Emily quinton

This inspirational book is full of talented folk that use their creativity on a daily basis; and how their chosen profession reflects in the spaces that they live.

Donna Wilson

Sarah Hamilton

Emily quinton

An excerpt taken from Ryland Peters & Small explains the ethos of Emily’s first book to perfection.

Creative interiors from the homes and studios of inspiring makers and designers.


Motivated by her own love of making things and enthusiasm for creating spaces that make her happy, Emily Quinton discovers the important link between makers and the home and work spaces they inhabit. She believes that creative work is affected by the space around us – the colours, the light, the design and the objects. Guiding you through a range of case studies, illustrated with stunning photography by Helen Cathcart, this book explores the clever style decisions made by the makers and the inspiring ideas that have gone into such beautiful and personal spaces. Also included is a section on making a living out of your creations, with tips from each of the makers about turning a hobby or passion into a successful business. Gorgeous interiors and advice for inspiring makers; this book will make you want to craft and create every day!

Emily kindly let me have some preview images from the book to share with you and you can purchase a copy from these links below.



As this post is going out I shall still be in London enjoying myself to the full so all the tales of my few days away in our capital city will be documented in an other post in a few weeks.

All images provided via ~ Maker Spaces by Emily Quinton, photography by Helen Cathcart, published by Ryland Peters & Small rrp £19.99




Essentially French ~ Josephine Ryan

This is one of my favourite books.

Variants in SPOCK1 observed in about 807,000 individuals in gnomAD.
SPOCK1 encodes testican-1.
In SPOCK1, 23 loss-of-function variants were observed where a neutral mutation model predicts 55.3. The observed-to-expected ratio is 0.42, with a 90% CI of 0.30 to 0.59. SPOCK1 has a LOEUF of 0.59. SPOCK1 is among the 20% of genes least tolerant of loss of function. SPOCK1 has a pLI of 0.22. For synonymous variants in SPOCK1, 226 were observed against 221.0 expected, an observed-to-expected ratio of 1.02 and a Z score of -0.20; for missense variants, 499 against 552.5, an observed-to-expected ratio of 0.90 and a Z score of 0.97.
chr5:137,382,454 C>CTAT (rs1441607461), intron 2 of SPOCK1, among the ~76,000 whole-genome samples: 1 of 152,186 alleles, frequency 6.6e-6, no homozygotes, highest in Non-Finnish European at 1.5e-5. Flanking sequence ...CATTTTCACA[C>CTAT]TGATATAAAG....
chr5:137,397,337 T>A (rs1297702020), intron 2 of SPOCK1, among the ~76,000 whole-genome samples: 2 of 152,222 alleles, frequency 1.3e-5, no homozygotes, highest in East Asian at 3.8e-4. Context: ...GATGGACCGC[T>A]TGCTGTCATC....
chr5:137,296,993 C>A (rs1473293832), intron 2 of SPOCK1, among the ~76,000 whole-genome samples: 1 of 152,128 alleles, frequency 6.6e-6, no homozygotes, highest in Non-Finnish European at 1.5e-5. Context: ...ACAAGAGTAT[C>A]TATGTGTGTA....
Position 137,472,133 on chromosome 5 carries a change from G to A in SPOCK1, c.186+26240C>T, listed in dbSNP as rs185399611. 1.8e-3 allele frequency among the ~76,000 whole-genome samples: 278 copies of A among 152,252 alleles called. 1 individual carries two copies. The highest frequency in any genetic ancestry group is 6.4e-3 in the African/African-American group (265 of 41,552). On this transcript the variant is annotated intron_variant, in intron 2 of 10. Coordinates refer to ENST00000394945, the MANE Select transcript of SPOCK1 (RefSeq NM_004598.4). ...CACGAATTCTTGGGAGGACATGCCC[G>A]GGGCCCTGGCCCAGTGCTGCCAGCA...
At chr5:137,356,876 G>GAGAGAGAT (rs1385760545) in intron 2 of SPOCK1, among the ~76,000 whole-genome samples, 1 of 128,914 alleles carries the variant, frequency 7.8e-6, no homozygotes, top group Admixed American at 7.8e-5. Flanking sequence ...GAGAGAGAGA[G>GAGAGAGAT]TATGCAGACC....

I say one as Josephine Ryan has written a handful which I also pour over.  Essentially French has a distinctive look all the images in this book are unique, compelling and beautiful.  Split into three categories of simple, elegant and eclectic each section filled with homes that relate to the title.

Images Page-020




Each home be it a house in London, Parisian apartment or Provençal farmhouse are all owned by antique dealers who all share a passion that epitomise French style.  All with very different looks but one key element joins them; that being each piece of traditional French furniture featuring in their homes.




It makes me dream of that holiday home that I would adore to own in France, one day maybe once rich and famous!!   If there is only one book that you invest in this season make it Essentially French.



Images Page-020

Josephine herself is an antiques dealer and stylist, her shop Josephine Ryan Antiques & Interiors is in Clapham, London.

Josephine Ryan

Find her wonderful take on style with her distinctive eye over on pinterest and the website, they are a joy.

Jane x

Everythings Coming up Cabbages & Roses …

I have a huge soft spot for Cabbages & Roses.  Over the years my home, wardrobe and book shelves have accumulated more and more of their lovely cushions, clothes and beautiful books.

I whole heartedly agree with the Cabbages & Roses 5 core values ~

beauty, simplicity, longevity, integrity and sustainability

This seasons clothing range is soft, fresh and everlasting, their short film evokes a slower pace of life, one that all of us crave, the lookbook makes you want to own every garment .


Images ~ Cabbages & Roses Spring Summer 2012 Lookbook


Christina Strutt’s books are most definitely a favourite of mine, I go back to them time and time again.  The restful interiors and sublime photography have a calming effect, showing you that mixing and matching well loved objects and time worn linens create a warm and welcoming home with a nod to reusing, recycling and environmental ethics.

Cabbages & Roses